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Counseling Psychology Degree Guide

Counseling psychology has been recognized as a specialty in professional psychology by the American Psychological Association (APA) since 1998.1 Counseling psychology is considered general practice in the field, focusing on how people function personally and in their interpersonal relationships with others. It addresses emotional, social, work, and school issues that people may have at different times in their lives.

Most counseling psychologists complete graduate, doctoral-level programs, which typically take four to six years to complete. Beginning with an undergraduate degree in psychology is the most common path, followed by a master’s degree and finally a doctoral degree in the field. Once a doctoral degree is obtained, counseling psychologists will go on to seek licensure in their state.

Degree Requirements and Coursework

Counseling psychology degree programs typically focus on core research design and statistics courses, as well as more focused courses in human growth and development, cognitive behavior, and counseling theory and research, along with a practicum and clinical training. Requirements into advanced counseling psychology programs typically include a bachelor’s degree (sometimes in psychology or a related field), a grade point average (GPA) of at least 3.0, and acceptable GRE scores. Some programs may require professional experience and references. Sample coursework for students of counseling psychology programs may include:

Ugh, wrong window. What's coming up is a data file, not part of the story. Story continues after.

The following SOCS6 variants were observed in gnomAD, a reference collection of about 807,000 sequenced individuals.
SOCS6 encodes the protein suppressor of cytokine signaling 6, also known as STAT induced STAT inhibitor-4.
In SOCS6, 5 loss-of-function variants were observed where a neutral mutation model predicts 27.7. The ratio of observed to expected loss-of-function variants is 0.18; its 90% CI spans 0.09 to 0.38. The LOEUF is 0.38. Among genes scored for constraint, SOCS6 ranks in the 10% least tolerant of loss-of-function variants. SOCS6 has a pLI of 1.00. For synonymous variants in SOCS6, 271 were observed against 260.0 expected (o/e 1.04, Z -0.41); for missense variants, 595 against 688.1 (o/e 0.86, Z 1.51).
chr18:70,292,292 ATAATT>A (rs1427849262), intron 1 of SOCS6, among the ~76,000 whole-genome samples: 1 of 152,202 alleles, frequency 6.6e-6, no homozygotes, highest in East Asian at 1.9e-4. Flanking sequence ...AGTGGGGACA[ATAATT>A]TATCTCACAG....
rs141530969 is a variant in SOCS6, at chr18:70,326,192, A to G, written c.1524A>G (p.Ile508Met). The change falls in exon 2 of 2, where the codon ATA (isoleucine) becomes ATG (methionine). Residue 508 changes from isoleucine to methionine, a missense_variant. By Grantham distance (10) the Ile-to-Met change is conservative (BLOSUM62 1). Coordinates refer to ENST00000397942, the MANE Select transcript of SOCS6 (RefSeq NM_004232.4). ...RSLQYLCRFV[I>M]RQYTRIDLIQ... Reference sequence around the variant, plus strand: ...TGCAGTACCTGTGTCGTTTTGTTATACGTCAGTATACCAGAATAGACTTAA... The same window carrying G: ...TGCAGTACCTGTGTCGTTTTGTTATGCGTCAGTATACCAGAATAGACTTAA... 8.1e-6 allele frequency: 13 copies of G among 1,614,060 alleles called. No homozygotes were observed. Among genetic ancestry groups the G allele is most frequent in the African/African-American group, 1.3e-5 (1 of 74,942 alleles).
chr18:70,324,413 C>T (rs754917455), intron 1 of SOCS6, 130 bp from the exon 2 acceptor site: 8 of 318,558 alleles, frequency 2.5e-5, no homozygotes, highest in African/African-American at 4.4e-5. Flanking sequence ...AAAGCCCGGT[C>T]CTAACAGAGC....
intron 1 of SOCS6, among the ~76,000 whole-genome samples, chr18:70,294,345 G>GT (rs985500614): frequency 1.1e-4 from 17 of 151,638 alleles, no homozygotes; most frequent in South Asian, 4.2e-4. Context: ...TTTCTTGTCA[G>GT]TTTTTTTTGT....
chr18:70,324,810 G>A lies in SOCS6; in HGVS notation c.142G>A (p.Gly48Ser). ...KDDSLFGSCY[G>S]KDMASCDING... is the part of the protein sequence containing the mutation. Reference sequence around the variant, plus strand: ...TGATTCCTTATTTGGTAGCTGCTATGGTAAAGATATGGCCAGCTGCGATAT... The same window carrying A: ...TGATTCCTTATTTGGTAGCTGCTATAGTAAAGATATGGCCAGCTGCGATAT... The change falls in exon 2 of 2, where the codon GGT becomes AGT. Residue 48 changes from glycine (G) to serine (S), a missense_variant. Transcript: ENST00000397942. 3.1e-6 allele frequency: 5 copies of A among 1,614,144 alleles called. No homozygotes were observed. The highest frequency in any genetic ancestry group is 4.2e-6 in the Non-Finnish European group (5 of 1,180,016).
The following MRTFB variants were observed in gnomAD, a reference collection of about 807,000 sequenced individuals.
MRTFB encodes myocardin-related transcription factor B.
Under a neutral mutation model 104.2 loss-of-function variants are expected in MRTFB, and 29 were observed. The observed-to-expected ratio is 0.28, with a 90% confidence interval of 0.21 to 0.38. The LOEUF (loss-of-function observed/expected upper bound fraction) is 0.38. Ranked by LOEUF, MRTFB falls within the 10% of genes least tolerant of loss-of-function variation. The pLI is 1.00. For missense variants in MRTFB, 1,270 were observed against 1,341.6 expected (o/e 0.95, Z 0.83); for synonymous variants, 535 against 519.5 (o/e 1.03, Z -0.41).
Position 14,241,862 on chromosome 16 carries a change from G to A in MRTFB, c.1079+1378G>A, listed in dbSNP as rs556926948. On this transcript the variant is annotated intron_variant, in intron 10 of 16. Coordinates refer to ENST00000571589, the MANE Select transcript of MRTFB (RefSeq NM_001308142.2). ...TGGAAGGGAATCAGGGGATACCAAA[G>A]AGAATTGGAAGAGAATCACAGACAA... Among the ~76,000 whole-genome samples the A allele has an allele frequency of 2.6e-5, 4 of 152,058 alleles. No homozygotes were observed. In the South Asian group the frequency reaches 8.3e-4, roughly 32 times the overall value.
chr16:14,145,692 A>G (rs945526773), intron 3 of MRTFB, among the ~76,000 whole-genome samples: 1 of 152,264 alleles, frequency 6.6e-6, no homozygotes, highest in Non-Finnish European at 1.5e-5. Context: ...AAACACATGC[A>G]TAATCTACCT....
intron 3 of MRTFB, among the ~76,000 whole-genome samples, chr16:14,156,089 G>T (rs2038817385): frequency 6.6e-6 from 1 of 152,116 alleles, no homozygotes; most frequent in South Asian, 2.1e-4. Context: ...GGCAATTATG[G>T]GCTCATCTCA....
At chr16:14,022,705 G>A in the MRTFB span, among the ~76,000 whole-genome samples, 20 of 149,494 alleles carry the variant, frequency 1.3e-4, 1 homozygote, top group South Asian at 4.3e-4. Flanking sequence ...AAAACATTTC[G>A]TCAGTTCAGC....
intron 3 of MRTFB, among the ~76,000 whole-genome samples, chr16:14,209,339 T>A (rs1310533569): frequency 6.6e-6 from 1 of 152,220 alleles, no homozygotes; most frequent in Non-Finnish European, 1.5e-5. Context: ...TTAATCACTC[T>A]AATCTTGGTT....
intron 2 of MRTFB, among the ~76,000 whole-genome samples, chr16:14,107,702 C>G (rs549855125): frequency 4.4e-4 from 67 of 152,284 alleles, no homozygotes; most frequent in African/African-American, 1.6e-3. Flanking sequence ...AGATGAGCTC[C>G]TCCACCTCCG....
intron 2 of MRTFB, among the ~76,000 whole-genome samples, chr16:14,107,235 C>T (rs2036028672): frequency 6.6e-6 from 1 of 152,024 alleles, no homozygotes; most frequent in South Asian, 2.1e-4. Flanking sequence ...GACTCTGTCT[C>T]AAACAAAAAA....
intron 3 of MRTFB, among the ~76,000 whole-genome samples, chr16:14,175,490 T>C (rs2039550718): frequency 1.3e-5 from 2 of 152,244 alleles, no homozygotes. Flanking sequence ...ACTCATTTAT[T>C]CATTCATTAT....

• Alcohol and Other Drug Abuse
  • Atypical Growth and Development
  • Career Counseling
  • Cognitive Assessment
  • Counseling in Community Settings
  • Ethical Issues in Counseling
  • Group Counseling
  • Multicultural Counseling
  • Psychopathology: Diagnosis and Intervention
  • Theories of Counseling

Profiles of Counseling Psychology Programs

Since the terminal degree for counseling psychology programs is a PhD or a PsyD, most programs offered in the field will be advanced. For the greatest number of career opportunities, you should consider a doctoral program, but first, research the type of job you are targeting so that you can select the right program level for you.

Master’s Programs